Technology Satisfies Cockpit Curiosity

By Scott Spangler on February 15th, 2016

NAHA-55Maybe it’s a pilot thing, but I find the insides of airplanes just as interesting, and often more interesting, than their outsides. Cockpits and crew stations is where humans interface with the machine that carries them aloft, and I’m always curious to see how engineers of the era approached this connection.

Previously unexplored—or unattainable—positions, like the tail gunner’s station on the B-52D Stratofortress, amplifies the curiosity to almost intolerable levels. Before radar replaced the gunner that flew in this lonely, pressurized cubicle separate from the rest of the crew (and how did he get in and out anyway?), what did his world look like, and what could he see out those tiny windows?


Courtesy of YouTube I’ve spent way too much time searching for and watching the Cockpit 360 videos created by AeroCapture Images. Courtesy of a news release from the National Museum of the U.S. Air Force, I’ve learned that there’s a free ACI Cockpit360º app that allows museum goers to satisfy their cockpit curiosity on their smart phones, which encourages me to investigate the acquisition of one of these devices.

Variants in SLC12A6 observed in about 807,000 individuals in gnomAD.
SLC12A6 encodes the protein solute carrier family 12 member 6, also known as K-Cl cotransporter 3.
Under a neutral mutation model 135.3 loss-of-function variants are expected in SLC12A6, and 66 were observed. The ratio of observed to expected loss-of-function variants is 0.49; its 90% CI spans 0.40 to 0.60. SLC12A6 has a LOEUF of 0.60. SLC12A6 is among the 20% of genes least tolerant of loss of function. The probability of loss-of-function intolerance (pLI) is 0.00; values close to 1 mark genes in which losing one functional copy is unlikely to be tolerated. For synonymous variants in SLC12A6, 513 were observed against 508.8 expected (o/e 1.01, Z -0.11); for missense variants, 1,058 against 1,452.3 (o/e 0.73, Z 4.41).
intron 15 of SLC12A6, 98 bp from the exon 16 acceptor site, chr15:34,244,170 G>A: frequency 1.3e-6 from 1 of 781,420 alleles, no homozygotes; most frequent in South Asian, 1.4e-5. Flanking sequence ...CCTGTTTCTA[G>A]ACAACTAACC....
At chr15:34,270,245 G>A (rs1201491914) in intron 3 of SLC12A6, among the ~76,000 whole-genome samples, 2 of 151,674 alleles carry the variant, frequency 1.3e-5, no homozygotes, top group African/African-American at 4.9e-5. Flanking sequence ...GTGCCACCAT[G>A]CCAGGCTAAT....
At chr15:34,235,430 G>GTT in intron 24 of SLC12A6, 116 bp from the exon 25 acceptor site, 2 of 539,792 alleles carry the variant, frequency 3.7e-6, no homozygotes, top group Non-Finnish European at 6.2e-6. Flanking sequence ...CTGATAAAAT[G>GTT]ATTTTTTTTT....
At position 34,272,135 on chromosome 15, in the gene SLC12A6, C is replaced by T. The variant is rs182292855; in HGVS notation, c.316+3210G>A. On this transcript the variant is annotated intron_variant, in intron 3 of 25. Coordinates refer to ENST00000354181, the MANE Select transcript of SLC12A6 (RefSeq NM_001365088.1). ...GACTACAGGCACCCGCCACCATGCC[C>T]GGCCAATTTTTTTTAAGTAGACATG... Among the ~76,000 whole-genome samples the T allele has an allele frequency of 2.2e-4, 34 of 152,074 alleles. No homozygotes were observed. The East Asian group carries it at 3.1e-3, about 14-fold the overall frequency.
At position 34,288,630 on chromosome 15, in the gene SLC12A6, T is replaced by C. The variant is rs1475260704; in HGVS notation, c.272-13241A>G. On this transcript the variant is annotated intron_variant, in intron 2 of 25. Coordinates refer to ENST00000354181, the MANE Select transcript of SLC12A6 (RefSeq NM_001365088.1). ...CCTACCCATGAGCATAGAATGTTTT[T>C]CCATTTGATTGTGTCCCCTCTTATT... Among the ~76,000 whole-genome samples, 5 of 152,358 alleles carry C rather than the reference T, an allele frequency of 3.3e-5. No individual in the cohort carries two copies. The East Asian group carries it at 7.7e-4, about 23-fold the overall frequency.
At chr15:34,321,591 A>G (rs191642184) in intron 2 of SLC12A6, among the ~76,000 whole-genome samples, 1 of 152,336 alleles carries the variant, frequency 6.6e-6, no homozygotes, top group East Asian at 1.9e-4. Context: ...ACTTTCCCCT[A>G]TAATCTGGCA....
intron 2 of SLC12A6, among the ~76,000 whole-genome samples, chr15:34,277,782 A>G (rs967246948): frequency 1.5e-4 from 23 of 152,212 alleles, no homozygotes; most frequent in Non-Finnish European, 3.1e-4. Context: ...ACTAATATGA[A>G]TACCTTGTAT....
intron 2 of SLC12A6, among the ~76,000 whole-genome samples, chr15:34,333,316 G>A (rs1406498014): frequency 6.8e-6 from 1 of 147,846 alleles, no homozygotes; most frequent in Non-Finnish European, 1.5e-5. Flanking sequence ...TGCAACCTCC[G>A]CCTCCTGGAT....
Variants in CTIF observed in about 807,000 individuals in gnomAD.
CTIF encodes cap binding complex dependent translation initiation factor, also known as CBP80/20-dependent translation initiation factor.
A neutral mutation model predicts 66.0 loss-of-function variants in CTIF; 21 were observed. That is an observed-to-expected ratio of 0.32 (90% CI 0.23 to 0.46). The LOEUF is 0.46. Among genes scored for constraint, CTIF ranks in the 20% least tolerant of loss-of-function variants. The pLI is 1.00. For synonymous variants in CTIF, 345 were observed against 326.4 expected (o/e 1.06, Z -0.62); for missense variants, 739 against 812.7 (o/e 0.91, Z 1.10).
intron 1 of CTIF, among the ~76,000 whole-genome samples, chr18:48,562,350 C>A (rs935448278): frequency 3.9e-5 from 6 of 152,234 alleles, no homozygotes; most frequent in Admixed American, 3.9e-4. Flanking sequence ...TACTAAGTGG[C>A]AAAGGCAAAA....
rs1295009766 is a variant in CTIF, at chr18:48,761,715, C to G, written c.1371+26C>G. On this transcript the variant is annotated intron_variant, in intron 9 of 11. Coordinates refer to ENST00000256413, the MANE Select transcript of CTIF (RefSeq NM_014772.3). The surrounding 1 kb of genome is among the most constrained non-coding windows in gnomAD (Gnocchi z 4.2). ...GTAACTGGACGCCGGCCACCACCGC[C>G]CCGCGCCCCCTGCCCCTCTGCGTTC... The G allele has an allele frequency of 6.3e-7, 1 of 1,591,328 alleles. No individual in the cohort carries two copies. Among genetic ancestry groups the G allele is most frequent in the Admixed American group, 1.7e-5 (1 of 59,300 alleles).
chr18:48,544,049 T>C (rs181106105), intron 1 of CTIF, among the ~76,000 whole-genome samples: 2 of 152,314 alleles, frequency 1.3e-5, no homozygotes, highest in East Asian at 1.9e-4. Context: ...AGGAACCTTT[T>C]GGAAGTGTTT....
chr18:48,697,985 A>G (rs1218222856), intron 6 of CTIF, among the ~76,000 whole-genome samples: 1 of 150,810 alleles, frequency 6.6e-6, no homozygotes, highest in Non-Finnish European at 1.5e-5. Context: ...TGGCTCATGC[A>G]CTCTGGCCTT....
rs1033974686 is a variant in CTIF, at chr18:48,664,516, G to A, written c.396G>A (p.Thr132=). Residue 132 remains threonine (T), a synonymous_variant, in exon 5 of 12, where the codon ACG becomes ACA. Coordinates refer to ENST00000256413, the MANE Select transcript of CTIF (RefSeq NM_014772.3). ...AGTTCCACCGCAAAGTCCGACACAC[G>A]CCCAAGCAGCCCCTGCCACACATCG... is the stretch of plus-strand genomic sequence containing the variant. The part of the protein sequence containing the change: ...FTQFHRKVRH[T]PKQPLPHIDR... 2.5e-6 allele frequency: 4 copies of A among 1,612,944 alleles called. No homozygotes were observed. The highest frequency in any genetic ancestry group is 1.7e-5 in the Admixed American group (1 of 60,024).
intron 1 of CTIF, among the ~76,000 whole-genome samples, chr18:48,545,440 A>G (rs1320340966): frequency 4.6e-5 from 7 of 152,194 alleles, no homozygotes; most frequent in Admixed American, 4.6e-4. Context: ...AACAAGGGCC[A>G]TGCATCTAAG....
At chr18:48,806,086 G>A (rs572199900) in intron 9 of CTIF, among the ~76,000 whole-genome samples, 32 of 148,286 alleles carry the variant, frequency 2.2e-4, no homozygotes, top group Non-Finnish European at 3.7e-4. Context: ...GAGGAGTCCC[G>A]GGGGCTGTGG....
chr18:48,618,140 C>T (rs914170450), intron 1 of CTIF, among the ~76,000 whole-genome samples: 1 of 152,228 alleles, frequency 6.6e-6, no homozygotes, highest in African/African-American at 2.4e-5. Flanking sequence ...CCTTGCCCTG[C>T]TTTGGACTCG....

Until that time, however, the Air Force Museum was kind enough to post their Cockpit 360 videos to its website. And after 40 years of wondering, my B-52 tail gun curiosity is satisfied…almost. I still don’t know how the gunner reached his lonely outpost.

The National Museum of the U.S. Air Force isn’t the only institution that employs ACI Cockpit360 videos. The ACI Cockpit 360 website lists many more, but in visiting a lot of them online, few of them post their cockpit curiosity tours online. You must visit with your smart phone. The Historic Flight Foundation posts its North American B-25, P-51 Mustang, and T-6 Texan and its Grumman F8F Bearcat and F7F Tigercat cockpits online.

The Air Force news release announced the addition of 15 new aircraft to the Cockpit 360 videos in the museum’s library, which now totals 60 different aircraft. Many of them, like the B-52, with more than one video per airframe.

The most interesting video on the site show how Lyle Jansma of ACI, records the high definition images with a Canon 5D Mark II camera body. Now, if you’ll excuse me, I need to check out the P-61 Black Widow and the B-36 Peacemaker. – Scott Spangler, Editor

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One Response to “Technology Satisfies Cockpit Curiosity”

  1. David Hipschman Says:

    Another fine column. Thanks Scott, you always takes us to great places.

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